USAID promotes the rule of law in some of Afghanistan’s most insecure areas
25 January 2012 | Khost, Afghanistan
For a country that has endured endless war and lawlessness, Afghanistan is bound to have a few remaining rebels. One such rebel still roams the rugged terrain of Khost Province in eastern Afghanistan. At first glance, Bibi Hakmeena’s towering stature and dominating demeanor seem perfectly in balance against the powerful cascades of the jagged mountain landscape she calls home. But, it does not take long to realize that Bibi is no ordinary rebel.
While other Afghan women wear sky-blue burqas that flow in the wind, she opts for a wrapped turban and solid colored knee-length tops with loose-fitting trousers, accessorized with an AK-47 slung nonchalantly on her shoulder.
During the Soviet war, her father dressed her as a boy so she could help protect her family. These days, however, instead of fighting occupying forces or the evils of civil war, Bibi is known more for being a different kind of fighter. With the help of USAID-supported town hall meetings, she has now become a champion of the rule of law in her community.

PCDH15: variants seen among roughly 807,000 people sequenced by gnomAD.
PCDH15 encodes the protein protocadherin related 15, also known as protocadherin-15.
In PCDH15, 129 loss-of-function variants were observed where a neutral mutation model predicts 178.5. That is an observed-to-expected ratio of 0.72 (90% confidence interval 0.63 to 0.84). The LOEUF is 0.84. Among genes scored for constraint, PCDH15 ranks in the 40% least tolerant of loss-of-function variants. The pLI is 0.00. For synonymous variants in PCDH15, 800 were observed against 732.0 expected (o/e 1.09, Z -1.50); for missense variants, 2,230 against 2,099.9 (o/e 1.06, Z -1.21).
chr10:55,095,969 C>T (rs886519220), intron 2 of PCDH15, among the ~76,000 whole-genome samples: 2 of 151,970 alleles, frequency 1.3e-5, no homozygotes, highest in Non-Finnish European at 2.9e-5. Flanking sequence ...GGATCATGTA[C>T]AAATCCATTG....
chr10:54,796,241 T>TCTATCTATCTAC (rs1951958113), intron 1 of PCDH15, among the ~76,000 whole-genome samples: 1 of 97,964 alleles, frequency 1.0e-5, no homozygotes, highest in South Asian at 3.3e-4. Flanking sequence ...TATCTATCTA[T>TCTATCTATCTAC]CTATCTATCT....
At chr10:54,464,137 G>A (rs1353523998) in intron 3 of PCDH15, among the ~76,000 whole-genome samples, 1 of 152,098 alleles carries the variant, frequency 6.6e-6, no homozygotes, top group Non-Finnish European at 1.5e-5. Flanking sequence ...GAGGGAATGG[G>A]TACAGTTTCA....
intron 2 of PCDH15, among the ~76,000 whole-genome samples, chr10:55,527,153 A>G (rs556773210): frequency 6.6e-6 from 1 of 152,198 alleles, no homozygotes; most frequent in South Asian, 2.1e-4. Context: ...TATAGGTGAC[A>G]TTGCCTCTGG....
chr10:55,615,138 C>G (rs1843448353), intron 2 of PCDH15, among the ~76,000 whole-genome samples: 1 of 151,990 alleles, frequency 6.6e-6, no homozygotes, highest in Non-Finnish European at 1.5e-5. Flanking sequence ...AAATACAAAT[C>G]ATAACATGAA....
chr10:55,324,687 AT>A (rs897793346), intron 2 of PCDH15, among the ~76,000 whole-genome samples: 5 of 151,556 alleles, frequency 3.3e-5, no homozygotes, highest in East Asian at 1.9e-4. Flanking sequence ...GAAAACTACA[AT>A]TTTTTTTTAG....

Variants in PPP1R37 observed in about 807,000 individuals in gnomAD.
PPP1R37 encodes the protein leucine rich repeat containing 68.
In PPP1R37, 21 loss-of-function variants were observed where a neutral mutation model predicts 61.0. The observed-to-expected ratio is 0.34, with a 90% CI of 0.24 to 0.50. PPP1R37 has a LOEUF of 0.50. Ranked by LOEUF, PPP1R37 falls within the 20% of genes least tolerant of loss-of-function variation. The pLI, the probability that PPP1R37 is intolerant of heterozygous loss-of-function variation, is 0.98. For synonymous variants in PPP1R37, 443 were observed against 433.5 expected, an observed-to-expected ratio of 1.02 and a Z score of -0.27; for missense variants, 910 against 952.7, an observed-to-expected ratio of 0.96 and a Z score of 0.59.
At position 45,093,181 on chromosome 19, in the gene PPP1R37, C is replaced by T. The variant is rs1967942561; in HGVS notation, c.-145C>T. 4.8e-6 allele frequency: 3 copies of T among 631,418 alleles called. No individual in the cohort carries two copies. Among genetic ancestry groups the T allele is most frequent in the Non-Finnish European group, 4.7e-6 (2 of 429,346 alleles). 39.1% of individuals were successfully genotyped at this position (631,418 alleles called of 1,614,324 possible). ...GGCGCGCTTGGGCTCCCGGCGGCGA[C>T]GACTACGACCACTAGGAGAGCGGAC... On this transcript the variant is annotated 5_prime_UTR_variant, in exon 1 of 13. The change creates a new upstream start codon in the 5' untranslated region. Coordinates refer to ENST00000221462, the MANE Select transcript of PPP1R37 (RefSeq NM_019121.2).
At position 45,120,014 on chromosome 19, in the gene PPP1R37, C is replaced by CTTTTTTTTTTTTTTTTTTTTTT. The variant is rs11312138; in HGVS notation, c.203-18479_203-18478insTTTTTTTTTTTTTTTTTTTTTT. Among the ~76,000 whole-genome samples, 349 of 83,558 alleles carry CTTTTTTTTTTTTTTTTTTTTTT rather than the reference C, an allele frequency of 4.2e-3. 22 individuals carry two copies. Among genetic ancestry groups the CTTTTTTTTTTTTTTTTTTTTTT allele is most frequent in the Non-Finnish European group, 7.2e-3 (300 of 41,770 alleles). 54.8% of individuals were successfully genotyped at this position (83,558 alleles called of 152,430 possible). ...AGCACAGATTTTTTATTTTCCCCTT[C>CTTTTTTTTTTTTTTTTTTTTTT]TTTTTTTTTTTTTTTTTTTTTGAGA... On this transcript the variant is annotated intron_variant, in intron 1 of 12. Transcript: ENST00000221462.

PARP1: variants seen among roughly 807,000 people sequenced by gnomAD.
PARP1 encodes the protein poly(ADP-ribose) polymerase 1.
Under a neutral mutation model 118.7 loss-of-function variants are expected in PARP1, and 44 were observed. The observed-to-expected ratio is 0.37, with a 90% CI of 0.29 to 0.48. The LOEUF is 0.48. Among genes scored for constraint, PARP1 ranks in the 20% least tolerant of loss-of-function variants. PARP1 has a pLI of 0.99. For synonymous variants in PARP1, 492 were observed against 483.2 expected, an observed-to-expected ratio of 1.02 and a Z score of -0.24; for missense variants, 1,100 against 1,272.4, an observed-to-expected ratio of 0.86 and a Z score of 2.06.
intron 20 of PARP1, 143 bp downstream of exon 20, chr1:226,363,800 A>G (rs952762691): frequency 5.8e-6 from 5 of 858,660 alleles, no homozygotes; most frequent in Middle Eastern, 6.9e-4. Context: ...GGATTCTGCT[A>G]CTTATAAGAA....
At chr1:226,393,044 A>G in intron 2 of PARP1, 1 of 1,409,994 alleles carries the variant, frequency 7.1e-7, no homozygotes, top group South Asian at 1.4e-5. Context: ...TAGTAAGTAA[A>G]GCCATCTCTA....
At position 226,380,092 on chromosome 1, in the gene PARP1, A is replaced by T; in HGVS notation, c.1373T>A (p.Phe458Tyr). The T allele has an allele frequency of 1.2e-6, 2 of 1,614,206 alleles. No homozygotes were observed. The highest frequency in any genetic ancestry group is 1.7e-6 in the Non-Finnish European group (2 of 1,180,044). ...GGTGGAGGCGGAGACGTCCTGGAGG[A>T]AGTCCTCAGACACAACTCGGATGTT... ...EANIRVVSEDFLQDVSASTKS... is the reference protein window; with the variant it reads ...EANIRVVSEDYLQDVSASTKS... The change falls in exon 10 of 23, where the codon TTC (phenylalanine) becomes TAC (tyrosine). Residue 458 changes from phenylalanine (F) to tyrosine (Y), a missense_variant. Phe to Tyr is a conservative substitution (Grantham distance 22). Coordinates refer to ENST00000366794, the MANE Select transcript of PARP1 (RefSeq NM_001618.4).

When USAID and its partner, the Welfare Association for the Development of Afghanistan, came to Khost, they faced a myriad of problems, including a general lack of legal awareness and a feeling of distrust among the locals toward the legal system. After consulting with villagers, USAID conducted town hall forums where community members gathered to be educated on means of resolving legal issues. Bibi participated in these forums and now credits them with changing her attitude about the state system and giving her the tools needed to resolve her community’s legal problems.
She also believes the forums improved her skills as a leader and problem solver, and elevated her overall credibility in the community. In fact, her village recently elected her to the provincial council to help her solve disputes. She is now helping secure the release of a prisoner who has served his full sentence, while demanding the rights of another prisoner to confront his witnesses at a trial. Now this rebel can ardently fight to protect not only herself and her family in the pursuit of just causes, but everyone in her community.